The ALERTWildfire network is an expansion of the ALERTTahoe monitoring program, which was first piloted in the Lake Tahoe area in 2013. The network has since expanded to include much of California and the neighboring states of Oregon, Washington, Idaho, Nevada, and Utah. CalFire, Pacific Gas and Electric, Sonoma Water, Southern California Edison, San Diego Gas and Electric, NV Energy, and several county governments have teamed up with ALERTWildfire to expand the fire monitoring network across California.
Tips for using ALERTWildfire.org
Anyone with internet access can use the ALERTWildfire website (http://www.alertwildfire.org/index.html) to view hundreds of live camera feeds to monitor and report wildfires. Upon visiting the website, users must select a region by clicking on the map and then clicking on the name of the region in the pop-up box. After selecting a region, there will be a map displaying all of the camera locations within that region, and their current area of direction. Below the map are thumbnail views of all of the cameras in that region. These small thumbnail views allow users to view multiple camera feeds at once. Any camera can be enlarged into the main view by clicking on the thumbnail. Time lapse reviews for the most recent 12 hours are also available in the main view window by clicking the “play” button in the upper left hand corner.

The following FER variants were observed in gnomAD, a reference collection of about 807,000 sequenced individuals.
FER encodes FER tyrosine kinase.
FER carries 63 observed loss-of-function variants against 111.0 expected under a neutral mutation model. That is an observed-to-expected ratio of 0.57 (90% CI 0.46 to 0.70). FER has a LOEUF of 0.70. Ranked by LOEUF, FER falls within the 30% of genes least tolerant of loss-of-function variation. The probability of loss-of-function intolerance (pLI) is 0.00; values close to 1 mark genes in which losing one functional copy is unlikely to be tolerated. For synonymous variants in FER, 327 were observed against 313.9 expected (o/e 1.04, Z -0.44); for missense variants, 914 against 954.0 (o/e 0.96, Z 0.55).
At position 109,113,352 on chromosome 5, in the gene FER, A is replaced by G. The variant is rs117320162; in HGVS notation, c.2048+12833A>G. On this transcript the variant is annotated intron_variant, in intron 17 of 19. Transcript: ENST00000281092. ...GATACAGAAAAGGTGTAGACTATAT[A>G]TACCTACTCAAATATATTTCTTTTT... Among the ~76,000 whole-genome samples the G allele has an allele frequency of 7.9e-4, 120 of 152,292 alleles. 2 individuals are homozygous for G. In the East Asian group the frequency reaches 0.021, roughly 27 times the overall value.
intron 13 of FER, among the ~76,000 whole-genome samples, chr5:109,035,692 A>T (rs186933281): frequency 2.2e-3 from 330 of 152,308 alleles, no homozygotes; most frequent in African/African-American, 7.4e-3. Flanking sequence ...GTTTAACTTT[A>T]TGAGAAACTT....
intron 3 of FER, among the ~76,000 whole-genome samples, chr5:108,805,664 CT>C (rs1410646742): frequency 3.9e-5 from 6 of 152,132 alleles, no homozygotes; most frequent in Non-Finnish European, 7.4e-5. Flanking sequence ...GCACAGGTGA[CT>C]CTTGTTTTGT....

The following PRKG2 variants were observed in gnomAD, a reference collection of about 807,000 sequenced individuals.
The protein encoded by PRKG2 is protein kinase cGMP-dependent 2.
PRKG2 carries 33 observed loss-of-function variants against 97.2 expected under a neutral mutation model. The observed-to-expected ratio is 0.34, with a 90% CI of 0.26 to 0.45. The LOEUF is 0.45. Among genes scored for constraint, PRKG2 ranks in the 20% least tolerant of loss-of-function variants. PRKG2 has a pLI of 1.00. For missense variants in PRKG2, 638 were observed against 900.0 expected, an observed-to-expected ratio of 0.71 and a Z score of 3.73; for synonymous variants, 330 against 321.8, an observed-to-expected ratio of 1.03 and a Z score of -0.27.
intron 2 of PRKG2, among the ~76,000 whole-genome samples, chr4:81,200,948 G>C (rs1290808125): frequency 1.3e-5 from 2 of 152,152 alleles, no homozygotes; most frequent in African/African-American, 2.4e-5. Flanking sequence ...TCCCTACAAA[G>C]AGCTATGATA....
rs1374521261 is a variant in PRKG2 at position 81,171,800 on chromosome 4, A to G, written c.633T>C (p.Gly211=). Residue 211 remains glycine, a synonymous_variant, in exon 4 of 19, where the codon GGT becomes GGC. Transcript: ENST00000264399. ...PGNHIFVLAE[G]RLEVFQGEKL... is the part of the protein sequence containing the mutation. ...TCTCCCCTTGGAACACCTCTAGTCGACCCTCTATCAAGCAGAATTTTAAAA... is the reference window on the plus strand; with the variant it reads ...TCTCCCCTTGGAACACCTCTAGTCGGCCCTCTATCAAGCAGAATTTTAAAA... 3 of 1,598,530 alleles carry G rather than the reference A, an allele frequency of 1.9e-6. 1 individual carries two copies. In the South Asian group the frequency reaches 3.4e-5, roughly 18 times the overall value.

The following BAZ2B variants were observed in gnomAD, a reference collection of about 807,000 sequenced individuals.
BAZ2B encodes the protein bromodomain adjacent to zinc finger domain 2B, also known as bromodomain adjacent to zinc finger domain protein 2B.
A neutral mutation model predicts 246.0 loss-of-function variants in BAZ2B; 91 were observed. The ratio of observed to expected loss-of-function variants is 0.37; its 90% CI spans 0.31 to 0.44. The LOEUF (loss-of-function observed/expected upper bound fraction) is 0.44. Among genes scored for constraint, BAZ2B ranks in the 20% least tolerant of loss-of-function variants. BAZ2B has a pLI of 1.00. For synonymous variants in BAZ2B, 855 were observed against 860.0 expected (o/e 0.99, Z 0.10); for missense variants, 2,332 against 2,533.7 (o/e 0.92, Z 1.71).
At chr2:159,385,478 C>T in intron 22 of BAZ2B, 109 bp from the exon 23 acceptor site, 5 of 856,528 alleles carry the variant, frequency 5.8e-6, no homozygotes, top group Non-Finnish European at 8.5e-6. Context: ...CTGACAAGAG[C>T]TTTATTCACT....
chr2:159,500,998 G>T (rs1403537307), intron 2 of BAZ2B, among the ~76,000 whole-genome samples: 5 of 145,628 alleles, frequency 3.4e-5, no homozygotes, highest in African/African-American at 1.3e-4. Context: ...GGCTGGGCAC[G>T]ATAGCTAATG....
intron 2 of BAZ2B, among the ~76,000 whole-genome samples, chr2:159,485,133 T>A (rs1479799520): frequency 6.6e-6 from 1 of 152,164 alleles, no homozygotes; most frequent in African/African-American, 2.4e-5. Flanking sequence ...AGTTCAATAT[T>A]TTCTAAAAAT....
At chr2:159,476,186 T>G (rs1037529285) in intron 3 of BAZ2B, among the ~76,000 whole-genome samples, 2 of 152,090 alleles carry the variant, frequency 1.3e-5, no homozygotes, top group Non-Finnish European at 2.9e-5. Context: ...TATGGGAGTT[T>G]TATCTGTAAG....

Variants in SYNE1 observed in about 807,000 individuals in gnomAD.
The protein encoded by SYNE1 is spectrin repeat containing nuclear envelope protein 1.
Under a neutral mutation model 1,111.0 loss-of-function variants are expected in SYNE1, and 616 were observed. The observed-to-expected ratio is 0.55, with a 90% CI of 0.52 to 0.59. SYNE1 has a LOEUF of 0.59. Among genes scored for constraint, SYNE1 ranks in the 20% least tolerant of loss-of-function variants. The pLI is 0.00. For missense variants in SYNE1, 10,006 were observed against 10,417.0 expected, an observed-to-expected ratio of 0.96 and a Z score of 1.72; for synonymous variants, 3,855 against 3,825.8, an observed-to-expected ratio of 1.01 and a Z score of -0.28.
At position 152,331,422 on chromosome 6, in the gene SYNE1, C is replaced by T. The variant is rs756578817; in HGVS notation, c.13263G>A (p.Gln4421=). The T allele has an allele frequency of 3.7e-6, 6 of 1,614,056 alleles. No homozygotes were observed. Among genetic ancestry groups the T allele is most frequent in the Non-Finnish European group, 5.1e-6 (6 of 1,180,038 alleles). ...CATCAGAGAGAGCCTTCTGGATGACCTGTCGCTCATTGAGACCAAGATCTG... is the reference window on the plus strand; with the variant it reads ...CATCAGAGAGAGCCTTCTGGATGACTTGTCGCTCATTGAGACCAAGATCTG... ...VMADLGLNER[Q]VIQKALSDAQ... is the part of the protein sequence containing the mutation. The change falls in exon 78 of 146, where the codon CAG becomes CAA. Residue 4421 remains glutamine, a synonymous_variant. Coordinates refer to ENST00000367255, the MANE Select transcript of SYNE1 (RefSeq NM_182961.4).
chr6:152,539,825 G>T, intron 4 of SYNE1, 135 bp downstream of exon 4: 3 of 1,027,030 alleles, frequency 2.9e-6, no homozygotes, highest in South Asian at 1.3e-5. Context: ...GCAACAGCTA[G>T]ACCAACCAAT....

According to the ALERTWildfire website, if a fire is in the center of the screen and zoomed in to, then it likely has already been reported and emergency services are responding. However, if smoke is in the distance and not centered on the screen, then there is a chance that is a new fire start. Users should immediately call 911 to report any potential new fires. Only emergency personnel can adjust the viewing angle and zoom of the cameras. Citizen viewers can monitor the camera feeds, but cannot adjust the camera angle or zoom.
Mendocino County residents can use the ALERTWildfire website to monitor the path of wildfires in their area, allowing them to make informed decisions regarding the threat to their properties and evacuation routes.
See ALERTWildfire.org FAQs (http://www.alertwildfire.org/faq.html) for more information on how to use the online monitoring and reporting system.